As I continued to test, a lateral costal breath created the most tension on the rings when correcting them. In order to carry out a correction the 4th ring needed to be decompressed and this automatically started to unwind rings 5 and 6. Full correction was achieved with minimal force needed (the most force was needed to decompress ring 4 which had a short vector and also what felt like and internal vector). Given the ease with which the correction could be completed, I opted not to further assess the passive mobility of the rings as there was little evidence to point towards an articular element being involved.

  • Diane’s comment:


To release these vectors, I used Breathe and Stack with a 3 ring correction in a neutral sitting position and in R thoracic rotation. At end of inspiration I also added a small fascial glide in to the short vectors (anterolateral intercostals) to encourage release of the compression of the 4th ring on the R side. On reassessment following release, full rotation was restored and breathing felt easier. On standing, the IPT, hip and foot corrected and the task was easier, but the TPR maintained.

  • Diane’s comment:

    aha – here it is – the thorax was not in relationship to the TPR of the pelvis!

There was no unlocking on LOLS or R step forwards. There was still no change to the upper cervical spine and correcting only the upper cervical spine now gave full relief of symptoms and ease of movement.

Once vectors were released, rotation was controlled but I did not test active control of the thorax with an upper limb challenge. As there was no history of trauma or notable step deformity I did not carry out passive control tests of the thorax.

Home Exercise for the thorax

Self correction taught – decompressing the 4th ring and supporting rings 5/6. Self breathe and stack were shown with rotation to be used as a check movement (ie is there any restriction to the movement) and as part of the homework (self correction, rotating to the point of restriction and breathing x 3). Once released and able to move freely into rotation, lying supine with knees flexed, self correct and knee rolling (3×10).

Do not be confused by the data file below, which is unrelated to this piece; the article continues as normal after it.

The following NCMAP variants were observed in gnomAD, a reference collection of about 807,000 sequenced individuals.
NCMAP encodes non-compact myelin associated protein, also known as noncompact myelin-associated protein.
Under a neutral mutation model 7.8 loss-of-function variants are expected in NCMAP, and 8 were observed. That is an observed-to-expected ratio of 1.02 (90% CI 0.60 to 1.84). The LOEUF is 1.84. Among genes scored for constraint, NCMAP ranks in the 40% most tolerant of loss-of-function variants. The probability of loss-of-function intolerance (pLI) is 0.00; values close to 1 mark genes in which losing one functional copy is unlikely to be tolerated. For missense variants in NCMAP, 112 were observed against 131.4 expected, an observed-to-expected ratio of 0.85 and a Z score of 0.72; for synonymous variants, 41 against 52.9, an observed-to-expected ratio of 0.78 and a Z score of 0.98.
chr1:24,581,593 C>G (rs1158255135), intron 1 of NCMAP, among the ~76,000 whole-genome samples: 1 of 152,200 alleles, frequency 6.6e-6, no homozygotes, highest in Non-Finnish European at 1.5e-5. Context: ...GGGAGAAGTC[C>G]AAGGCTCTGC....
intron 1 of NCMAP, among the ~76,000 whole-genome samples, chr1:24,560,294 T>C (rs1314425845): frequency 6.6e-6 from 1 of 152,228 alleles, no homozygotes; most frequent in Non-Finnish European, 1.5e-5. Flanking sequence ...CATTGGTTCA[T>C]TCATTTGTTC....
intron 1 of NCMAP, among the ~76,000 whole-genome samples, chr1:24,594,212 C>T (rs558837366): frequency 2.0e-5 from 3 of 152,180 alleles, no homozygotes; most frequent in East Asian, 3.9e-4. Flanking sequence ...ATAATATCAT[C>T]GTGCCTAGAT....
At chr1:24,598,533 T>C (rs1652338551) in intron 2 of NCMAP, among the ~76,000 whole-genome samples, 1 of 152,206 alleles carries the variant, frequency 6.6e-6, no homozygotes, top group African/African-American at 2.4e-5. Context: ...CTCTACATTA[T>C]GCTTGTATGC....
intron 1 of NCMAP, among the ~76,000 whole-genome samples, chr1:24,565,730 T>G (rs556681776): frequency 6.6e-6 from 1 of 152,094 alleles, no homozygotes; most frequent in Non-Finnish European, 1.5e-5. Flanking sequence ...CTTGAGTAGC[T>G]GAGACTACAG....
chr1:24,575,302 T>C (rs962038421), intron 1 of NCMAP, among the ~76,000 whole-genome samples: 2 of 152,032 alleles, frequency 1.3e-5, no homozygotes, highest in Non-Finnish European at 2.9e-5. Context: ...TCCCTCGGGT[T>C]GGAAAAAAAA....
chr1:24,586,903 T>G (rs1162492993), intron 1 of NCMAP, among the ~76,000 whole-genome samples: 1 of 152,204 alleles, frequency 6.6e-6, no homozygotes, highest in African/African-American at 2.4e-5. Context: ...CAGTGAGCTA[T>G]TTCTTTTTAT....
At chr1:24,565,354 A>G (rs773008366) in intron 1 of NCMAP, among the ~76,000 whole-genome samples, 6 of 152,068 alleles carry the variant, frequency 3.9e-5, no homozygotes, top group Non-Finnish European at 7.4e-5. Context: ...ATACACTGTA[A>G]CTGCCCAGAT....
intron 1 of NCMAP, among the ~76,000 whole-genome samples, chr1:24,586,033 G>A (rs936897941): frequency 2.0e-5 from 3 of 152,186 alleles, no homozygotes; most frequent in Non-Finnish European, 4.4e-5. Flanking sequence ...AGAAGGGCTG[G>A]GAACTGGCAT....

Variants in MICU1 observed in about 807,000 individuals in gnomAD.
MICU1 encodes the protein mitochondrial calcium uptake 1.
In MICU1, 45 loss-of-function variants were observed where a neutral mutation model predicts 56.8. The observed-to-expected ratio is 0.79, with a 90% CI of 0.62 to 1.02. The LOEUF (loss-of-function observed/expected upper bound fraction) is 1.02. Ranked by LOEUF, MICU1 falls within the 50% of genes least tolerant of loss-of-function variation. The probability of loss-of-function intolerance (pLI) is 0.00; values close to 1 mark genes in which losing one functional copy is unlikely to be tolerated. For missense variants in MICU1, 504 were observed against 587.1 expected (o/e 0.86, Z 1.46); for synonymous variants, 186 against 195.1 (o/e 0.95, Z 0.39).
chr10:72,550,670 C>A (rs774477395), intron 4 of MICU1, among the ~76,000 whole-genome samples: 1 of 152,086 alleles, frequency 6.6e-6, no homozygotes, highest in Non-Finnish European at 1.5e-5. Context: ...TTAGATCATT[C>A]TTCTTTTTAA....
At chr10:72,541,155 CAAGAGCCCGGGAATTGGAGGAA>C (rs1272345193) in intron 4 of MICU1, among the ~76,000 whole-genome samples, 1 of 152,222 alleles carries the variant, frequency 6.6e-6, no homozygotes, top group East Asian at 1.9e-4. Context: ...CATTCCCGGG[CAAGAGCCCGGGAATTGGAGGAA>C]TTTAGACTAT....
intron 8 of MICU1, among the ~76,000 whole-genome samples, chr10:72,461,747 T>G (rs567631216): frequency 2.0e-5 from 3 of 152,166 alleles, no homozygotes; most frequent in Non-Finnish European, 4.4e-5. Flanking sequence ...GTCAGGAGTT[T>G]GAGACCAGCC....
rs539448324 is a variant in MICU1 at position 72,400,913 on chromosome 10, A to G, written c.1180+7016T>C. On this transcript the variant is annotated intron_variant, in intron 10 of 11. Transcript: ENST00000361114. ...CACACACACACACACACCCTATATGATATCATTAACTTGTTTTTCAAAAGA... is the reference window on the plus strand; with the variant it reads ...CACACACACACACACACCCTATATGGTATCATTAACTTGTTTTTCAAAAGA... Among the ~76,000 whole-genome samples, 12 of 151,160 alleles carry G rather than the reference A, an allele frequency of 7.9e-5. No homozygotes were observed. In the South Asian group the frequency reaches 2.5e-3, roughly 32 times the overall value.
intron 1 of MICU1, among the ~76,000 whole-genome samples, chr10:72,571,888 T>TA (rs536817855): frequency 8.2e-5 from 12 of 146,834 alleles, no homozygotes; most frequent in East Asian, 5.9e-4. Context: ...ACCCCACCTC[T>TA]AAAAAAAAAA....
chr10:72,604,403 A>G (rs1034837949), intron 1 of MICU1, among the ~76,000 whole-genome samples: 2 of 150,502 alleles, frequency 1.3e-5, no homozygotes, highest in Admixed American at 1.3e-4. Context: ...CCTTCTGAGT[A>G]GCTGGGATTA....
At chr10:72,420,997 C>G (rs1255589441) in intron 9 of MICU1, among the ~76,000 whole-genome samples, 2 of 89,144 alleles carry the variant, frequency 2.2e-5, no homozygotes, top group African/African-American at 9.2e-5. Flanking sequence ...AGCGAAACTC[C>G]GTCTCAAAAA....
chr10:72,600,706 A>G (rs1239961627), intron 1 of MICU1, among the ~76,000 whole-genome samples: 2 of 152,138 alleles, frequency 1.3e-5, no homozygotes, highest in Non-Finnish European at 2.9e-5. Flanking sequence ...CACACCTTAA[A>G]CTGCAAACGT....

Secondary Driver: Cranial Region: C0/1/2
This is where I realise that while I tested the active mobility and passive mobility of the OA but not the AA joints, I was not as specific as I could have been (having reviewed the assessments on the ISM Flow).

Active Mobility – OA / AA joint restriction in to flexion R side (but I didn’t ascertain the timing to differentiate between the two). C2 not tested in to flex / ext.

Passive Mobility – OA joint restricted in to flexion R side. Occipital condyles glide anteriorly symmetrically but restricted R side in posterior glide with short vector tension. I did not test in to rotation. C2 correction possible with superior vector towards the cranium.

Active / passive control OA – Extension controlled in sitting (symmetrical) but flexion deviates to the right.

Short vectors (suboccipital space) were palpable on the R side. Trigger point release and mobilisation in to OA flexion created symmetry in testing movements and aligned C2. Vectors were vertical and rotational which suggests that there was tension restricting the AA joint as well as the OA joint.

Home exercise for the cranial region

Standing back to wall as if in a height competition with someone behind you, chin retraction and R rotation self mobilisation to maintain movement restored by passive mobilisation.

  • Diane’s comment:

    I can clearly see the principles of ISM through this complete two task clinical reflection form and the further assessment of each driver.  Well done Dave!

Case Study Author

ISM Series Graduate   ISM Certified Practitioner
38 Nelson Road Wimbledon London Greater London UK

Clinical Mentorship in the Integrated Systems Model

Join Diane, and her team of highly skilled assistants, on this mentorship journey and immerse yourself in a series of education opportunities that will improve your clinical efficacy for treating the whole person using the updated Integrated Systems Model.